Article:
A kernel-level Windows driver for old PC motherboards has been abused by criminals to silently disable antivirus protections, and hold files to ransom.
Sophos this month reported that an arbitrary read-write flaw in a digitally signed driver for now-deprecated Gigabyte hardware was recently used by ransomware, dubbed Robbinhood, to quietly switch off security safeguards on Windows 7, 8 and 10 machines.
The problem, said Sophos, is that while Gigabyte stopped supporting and shipping the driver a while back, the software's cryptographic signature is still valid. And so, when the ransomware infects a computer – either by some other exploit or by tricking a victim into running it – and loads the driver, the operating system and antivirus packages will allow it because the driver appears legit.
At that point, the ransomware exploits the security flaw in the Gigabyte driver to alter memory to bypass protection mechanisms and inject malicious code into kernel space, completely compromising the box and allowing the file-scrambling component to run unhindered.
"In this attack scenario, the criminals have used the Gigabyte driver as a wedge so they could load a second, unsigned driver into Windows," Sophos explains. "This second driver then goes to great lengths to kill processes and files belonging to endpoint security products, bypassing tamper protection, to enable the ransomware to attack without interference."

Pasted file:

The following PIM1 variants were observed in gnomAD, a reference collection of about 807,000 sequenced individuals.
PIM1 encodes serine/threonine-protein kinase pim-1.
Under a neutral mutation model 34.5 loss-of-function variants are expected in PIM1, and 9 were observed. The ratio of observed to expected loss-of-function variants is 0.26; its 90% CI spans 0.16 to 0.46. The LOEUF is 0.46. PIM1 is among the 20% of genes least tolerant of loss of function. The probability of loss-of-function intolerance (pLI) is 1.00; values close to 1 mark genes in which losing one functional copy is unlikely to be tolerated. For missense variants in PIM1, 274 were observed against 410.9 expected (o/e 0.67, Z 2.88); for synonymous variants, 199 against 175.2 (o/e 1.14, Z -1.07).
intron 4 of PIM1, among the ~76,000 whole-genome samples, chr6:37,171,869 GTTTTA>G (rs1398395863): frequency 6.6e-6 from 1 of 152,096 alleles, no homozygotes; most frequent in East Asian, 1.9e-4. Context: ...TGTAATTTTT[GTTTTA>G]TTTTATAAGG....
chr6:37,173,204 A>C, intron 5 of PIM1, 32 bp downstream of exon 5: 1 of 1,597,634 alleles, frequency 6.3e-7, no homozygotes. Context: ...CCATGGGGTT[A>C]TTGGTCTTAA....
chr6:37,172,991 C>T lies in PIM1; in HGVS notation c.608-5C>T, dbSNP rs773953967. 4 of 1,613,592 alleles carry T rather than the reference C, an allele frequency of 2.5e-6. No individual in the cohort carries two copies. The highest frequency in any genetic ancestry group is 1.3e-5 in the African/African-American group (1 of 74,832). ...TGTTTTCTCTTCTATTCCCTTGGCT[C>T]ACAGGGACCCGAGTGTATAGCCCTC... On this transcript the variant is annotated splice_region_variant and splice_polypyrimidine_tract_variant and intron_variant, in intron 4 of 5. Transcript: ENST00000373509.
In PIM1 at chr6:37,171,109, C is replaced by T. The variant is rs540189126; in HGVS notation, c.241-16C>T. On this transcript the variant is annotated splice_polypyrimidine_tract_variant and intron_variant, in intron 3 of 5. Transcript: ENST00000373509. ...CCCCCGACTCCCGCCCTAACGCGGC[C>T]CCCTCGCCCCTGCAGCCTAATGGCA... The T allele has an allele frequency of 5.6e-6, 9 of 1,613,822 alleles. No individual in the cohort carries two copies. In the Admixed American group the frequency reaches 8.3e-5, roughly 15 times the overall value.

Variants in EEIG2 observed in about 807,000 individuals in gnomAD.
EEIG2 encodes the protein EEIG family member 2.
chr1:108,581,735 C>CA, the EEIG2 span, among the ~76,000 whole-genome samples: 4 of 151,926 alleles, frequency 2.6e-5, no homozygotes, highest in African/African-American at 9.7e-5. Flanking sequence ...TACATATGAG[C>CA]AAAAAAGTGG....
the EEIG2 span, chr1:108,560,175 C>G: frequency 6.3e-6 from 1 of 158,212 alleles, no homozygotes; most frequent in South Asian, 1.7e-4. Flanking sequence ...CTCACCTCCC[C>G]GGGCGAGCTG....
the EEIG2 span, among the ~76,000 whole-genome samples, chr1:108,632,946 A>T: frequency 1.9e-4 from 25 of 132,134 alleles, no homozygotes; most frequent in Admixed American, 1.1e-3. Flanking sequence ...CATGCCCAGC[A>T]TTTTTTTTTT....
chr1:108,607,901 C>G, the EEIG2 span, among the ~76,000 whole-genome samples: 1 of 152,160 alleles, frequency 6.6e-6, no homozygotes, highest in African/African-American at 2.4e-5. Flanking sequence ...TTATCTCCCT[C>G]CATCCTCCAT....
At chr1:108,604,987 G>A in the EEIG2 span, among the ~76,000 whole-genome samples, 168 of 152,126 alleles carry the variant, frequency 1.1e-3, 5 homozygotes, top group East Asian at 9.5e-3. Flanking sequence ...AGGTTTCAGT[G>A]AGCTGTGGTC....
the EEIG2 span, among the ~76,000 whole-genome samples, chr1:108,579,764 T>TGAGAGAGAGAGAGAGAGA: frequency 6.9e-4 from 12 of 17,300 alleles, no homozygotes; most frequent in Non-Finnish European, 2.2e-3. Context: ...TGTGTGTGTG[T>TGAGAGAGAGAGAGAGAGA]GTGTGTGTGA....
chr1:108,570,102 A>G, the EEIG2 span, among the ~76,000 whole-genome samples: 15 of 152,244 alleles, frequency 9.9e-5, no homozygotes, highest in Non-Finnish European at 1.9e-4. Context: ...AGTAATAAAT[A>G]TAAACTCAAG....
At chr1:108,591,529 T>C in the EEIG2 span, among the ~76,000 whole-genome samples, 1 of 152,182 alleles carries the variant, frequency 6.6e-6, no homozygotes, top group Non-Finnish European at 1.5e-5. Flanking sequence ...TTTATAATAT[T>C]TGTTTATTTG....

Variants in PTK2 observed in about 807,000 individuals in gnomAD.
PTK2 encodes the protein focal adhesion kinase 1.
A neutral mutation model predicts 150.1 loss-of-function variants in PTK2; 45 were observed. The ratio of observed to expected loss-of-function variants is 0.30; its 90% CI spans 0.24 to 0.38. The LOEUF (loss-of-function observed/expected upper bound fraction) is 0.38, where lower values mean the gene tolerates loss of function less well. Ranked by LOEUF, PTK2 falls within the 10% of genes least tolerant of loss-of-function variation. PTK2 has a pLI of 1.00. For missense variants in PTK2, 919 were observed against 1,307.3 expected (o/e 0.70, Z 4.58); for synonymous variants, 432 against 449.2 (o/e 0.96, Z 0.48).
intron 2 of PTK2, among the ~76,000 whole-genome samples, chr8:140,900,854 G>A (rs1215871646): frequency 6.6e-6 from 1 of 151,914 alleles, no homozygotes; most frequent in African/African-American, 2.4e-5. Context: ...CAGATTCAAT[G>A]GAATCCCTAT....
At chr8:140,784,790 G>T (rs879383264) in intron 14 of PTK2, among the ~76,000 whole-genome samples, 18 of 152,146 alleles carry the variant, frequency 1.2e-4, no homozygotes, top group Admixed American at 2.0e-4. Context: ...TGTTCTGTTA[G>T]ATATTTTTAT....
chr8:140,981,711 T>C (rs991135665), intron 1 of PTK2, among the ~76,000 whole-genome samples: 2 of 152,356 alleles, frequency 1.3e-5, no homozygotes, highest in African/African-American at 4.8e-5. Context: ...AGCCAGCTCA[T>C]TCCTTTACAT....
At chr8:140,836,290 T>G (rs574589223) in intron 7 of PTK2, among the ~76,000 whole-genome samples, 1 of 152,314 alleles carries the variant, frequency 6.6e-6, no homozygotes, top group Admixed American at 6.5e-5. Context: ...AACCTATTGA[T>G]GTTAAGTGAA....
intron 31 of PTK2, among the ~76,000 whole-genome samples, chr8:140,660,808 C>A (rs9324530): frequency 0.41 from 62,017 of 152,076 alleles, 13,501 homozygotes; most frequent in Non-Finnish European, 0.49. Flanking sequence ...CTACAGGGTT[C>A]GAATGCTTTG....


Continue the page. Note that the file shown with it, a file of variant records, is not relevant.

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Specifically, RobbinHood loads the Gigabyte driver, exploits the read-write hole to turn off code-signing checks, loads its own unsigned driver unobstructed, and then instructs it to kill off the processes and files of antivirus products, including their kernel drivers. RobbinHood requires administrator access to load the vulnerable motherboard driver in the first place, so you may be thinking what's the point of all of this: if you're a miscreant with admin access, you can do anything you like.
However, the aim appears to be the silent killing of any anti-malware products that would block the malicious unsigned driver loading and/or the file-scrambling process, all without alerting any users.
After their files are scrambled, victims can either pay to retrieve their files or hope to restore from a previous good backup. In the case of Robbinhood, those infected have included the cities of Baltimore, MD and Greenville, NC, in the US.
Because the malware can download and run its own signed yet vulnerable copy of the software, patching the driver won't guarantee safety. Instead, Sophos recommends admins limit who has superuser access, layer security protections to minimize the spread of malware and its damaging effects, enforce best practices with passwords and multi-factor authentication, and educate users so that the trojan can't get a foothold on their machines in the first place. Plus the usual drum beat of patching and keeping antivirus up to date.
We'll let you know if Digicert, which now owns the outfit that signed the driver for Gigabyte, has any comment or has revoked the software's digital certificate to prevent it from running. ®